IIS 5 Log Files


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IIS 5 Log Files

Thinking about creating and maintaining your own public internet web server and
website? One thing to consider is keeping track of what your visitors do while they are
browsing your webpage. That’s where file logging comes in. I like to think that logging
web user activity is much like requiring guests at a hotel or bed and breakfast to sign a
guestbook. A successful inn keeper welcomes all visitors and maintains some record of
their visitor, including length of stay, etc.

File Logging for a web server is similar to an open guestbook in the lobby, but this record
is more thorough and is hidden from the users. It also provides a list of attempted break-
ins and hack attempts. Microsoft’s Internet Information Services (IIS) ver. 5.1 snap-in
provides 3 different types of file logging. All three types are text based and designed for
a single site. They are Microsoft IIS Log File Format, NCSA Common Log File
Format, and W3C Extended Log File Format. An example of each along with a
description is provided below:

Microsoft IIS Log File Format – Fixed format standard devised by Microsoft.

NCSA Common Log File Format – Fixed format standard created by the National
Center for Supercomputing Applications (NCSA). Example: REDMOND\fred [08/Apr/1997:17:39:04 -0800] "GET
/scripts/iisadmin/ism.dll?http/serv HTTP/1.0" 200 3401

W3C Extended Log File Format – Customizable format which is the default type for
logging in IIS. Example:
#Software: Microsoft Internet Information Services 5.1
#Version: 1.0
#Date: 2004-08-26 00:04:35
#Fields: time c-ip cs-method cs-uri-stem sc-status
00:04:35 GET /iisstart.asp 200

There are different reasons for using a specific file format. Many third party web server
log file analytical programs use one form or another. Some programs even require using
the customizable W3C Extended Log File Format because of their flexibility and input
requirements to exam all necessary data.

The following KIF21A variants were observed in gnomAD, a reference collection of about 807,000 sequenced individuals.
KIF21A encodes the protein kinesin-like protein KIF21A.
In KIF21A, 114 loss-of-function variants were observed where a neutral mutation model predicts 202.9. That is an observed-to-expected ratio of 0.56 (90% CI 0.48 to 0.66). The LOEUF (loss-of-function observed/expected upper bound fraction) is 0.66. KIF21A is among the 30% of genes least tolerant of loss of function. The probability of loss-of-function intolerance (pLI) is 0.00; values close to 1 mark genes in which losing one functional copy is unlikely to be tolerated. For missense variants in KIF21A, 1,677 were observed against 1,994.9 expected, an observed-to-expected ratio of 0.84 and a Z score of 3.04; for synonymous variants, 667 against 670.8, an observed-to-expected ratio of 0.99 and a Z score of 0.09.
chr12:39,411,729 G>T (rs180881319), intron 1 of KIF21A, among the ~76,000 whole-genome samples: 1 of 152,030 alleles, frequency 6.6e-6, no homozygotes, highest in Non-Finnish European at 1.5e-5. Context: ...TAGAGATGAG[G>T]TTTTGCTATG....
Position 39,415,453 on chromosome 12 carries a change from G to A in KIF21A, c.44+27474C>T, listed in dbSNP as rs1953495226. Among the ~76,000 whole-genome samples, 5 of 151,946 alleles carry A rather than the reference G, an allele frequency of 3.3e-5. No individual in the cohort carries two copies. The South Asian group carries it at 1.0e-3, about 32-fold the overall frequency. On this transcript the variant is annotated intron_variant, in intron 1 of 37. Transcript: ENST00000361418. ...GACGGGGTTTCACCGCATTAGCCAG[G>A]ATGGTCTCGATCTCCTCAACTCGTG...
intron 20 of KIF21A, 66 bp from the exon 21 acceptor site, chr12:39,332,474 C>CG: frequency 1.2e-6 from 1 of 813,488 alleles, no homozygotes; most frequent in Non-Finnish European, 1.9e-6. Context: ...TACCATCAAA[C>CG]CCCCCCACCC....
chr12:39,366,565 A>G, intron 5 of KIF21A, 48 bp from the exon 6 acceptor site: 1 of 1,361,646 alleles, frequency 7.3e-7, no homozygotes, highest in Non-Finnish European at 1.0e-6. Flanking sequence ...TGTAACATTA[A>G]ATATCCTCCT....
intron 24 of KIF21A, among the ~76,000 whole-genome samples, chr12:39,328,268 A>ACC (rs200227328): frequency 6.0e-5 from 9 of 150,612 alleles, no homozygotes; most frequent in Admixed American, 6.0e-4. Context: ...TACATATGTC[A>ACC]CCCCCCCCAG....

Setting the Log File Format

To view the properties for a web server, run the Internet Information Services under the
Administrative Tools. Open the web sites folder so that the web page being examined is
highlighted, as show in Figure 1.

Figure 1. Highlighting the base web page.

Right click on the web server item and then click on Properties. A web server properties
screen will be displayed similar to the one shown in Figure 2.

Figure 2. Web server properties in IIS.

Click on the Web Site tab. On the page below is the Enable Logging check box. No
logging is performed unless this is checked. Below this is the selection box with the
properties button on the right. Figure 3 shows the three available options.

Figure 3. Active Log Formats.

The properties are different for the formats. To check this click the Active log format
and then click the Properties button. These properties include the Time Period, log file
size, and the directory where they are saved.

The properties for the Microsoft IIS and NCSA Common formats are similar and are
shown in Figure 4 respectively.

Figure 4. Microsoft and NCSA Logging Properties.

W3C Extended Log File Format option is again similar to the previous two formats, but
also provides Extended Properties available on the Extended Properties tab. Figure 5
shows the Extended properties with all options showing.

Figure 5. All Extended Properties shown.

If you make any changes to the Log File Format, click Apply and OK.

Keep track of what your visitors do while visiting your web page by utilizing the options
available in the various Log File Formats in IIS.

Author: Michael Keller
Title: Lab Technician
Platform: PC
Date: October 5, 2004

Web Resources:
- http://www.microsoft.com/resources/documentation/IIS/6/all/techref/en-

- http://www.iisfaq.com/Default.aspx?tabid=3077